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Feds seek to pause civil lawsuit in Ga. gym mat death

SAVANNAH, Ga. -- Federal prosecutors who have spent nearly two years investigating the death of Kendrick Johnson, the Georgia teenager who was found at school inside a rolled-up gym mat, want a judge to order a six-month halt to evidence-gathering in a civil lawsuit by the boy's parents.

Classmates found the body of the 17-year-old in a gymnasium at Lowndes High School in January 2013. Michael Moore, U.S. attorney for the Middle District of Georgia, announced a federal investigation on Oct. 31, 2013, after the sheriff's department concluded that the teenager died in a freak accident in which he got stuck upside down - and unable to breathe - in the upright mat.

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Jacquelyn Johnson, center left, wipes a tear while speaking with her husband Kenneth, right, at a "Who Killed K.J." rally in memory of their son, Wednesday, Dec. 11, 2013, in Atlanta, Ga. AP Photo/David Goldman
Johnson's parents insist that someone killed their son. With the federal criminal investigation still unresolved, Johnson's family filed a wrongful death lawsuit earlier this year blaming two brothers for killing him. The lawsuit also says local and state investigators and school officials covered up the crime.

A $100 million wrongful death suit filed by Johnson's family earlier this year alleges the brothers - Johnson's schoolmates Brian and Branden Bell, ages 18 and 20 - were encouraged by their FBI agent father to "violently assault" Johnson, leading to his death.

In July, government agents executed search warrants at the Bells' home, Crimesider reported.

Paul Threlkeld, an attorney representing the Bell family, told Crimesider at the time that there's no evidence to indicate their involvement.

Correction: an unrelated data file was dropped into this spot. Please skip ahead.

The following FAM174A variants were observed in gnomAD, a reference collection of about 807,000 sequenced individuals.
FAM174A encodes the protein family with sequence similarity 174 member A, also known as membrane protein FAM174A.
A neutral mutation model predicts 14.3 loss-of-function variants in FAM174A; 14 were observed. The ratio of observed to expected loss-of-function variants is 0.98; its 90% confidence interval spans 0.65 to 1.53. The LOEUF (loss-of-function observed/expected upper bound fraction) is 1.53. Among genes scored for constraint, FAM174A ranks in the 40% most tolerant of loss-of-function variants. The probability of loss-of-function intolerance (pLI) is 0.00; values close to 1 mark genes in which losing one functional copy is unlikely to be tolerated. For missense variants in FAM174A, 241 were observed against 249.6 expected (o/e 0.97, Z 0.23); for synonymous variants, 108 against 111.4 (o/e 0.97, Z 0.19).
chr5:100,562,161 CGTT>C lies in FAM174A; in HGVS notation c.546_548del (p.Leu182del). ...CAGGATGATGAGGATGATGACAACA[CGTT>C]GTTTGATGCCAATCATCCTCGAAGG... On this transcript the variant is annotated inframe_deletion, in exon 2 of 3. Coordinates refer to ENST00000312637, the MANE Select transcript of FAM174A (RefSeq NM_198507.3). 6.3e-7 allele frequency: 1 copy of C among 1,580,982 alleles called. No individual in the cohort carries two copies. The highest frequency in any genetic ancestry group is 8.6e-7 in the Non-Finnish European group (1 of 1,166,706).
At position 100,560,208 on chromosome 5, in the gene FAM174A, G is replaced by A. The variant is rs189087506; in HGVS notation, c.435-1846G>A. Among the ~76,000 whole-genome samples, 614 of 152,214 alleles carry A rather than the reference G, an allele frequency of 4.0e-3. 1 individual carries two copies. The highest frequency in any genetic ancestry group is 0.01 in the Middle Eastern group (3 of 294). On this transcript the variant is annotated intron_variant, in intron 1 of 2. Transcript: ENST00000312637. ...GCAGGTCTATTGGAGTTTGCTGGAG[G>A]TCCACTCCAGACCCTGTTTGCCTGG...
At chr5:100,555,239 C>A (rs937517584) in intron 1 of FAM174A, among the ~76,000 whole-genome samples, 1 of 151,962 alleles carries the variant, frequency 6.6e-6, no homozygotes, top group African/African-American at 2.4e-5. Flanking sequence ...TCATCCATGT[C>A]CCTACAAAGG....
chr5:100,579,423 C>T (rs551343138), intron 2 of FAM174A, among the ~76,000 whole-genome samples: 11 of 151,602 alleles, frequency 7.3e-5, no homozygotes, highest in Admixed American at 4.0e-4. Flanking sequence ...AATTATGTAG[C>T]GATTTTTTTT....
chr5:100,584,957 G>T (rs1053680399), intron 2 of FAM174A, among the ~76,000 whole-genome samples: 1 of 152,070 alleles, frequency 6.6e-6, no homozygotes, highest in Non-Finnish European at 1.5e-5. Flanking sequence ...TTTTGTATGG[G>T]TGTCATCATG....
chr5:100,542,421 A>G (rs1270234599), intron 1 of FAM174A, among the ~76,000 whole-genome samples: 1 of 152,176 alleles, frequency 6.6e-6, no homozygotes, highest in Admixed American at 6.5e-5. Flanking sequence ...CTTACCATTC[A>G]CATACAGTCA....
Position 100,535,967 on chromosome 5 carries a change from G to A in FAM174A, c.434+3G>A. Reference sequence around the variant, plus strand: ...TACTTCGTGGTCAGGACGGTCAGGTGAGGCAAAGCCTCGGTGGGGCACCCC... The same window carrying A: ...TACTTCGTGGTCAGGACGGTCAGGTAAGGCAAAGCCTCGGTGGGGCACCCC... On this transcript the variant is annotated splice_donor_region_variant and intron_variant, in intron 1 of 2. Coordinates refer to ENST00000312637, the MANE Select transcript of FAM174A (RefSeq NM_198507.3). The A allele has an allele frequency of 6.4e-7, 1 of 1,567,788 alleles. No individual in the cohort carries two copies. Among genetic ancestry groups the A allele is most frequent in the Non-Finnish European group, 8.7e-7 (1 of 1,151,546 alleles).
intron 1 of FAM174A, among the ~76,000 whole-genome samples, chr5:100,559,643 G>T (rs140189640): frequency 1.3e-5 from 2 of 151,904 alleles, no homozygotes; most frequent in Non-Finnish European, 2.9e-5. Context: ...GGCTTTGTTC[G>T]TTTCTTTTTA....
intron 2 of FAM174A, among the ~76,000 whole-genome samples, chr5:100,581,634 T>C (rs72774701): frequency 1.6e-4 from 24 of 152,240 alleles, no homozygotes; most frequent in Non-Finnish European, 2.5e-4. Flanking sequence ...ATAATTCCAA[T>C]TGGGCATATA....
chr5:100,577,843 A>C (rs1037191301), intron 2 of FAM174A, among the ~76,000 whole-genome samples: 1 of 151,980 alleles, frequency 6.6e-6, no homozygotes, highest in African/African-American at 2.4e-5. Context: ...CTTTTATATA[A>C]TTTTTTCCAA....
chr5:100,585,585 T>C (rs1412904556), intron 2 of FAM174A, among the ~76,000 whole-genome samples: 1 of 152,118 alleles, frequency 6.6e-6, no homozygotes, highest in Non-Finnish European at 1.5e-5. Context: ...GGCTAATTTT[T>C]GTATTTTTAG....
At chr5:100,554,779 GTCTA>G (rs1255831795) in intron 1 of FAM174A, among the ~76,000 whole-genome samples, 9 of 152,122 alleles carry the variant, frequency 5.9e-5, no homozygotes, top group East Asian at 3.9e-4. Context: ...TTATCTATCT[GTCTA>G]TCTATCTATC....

"The case is built solely on suspicion, innuendo and rumor, not evidence," Threlkeld said in a statement.

No charges have been filed in the case.

Court records show that the Justice Department filed legal motions Oct. 16 asking the presiding judge in the civil lawsuit to stop all depositions and other evidence gathering by attorneys in the case for 180 days.

Tom Withers, a former federal prosecutor who now practices criminal defense and civil law in Savannah, said the Justice Department sometimes intervenes in civil cases to protect a criminal case in which existing charges are awaiting prosecution. He said applying that strategy to the Johnson case, in which no one has been charged, "strikes me as bizarre."

"It strikes me as improper, quite frankly, that the government would be trying to stick its nose into the Superior Court case," Withers said. "They've had plenty of time to resolve their investigation. I've just never seen it before."

It's unclear exactly why federal authorities want to intervene in the wrongful death suit. The Justice Department's legal motions were heavily redacted by court officials before being made public. Withers said they likely deal with a grand jury investigation that is protected as secret by federal and state laws.

Moore did not immediately return an email message seeking comment.

Superior Court Judge J. Richard Porter III had no written orders filed with the court clerk as of Tuesday afternoon.

Brice Ladson, an attorney for the brothers accused in the civil case, said in an email that lawyers began questioning Johnson's parents under oath Monday and that depositions were scheduled to continue Tuesday.

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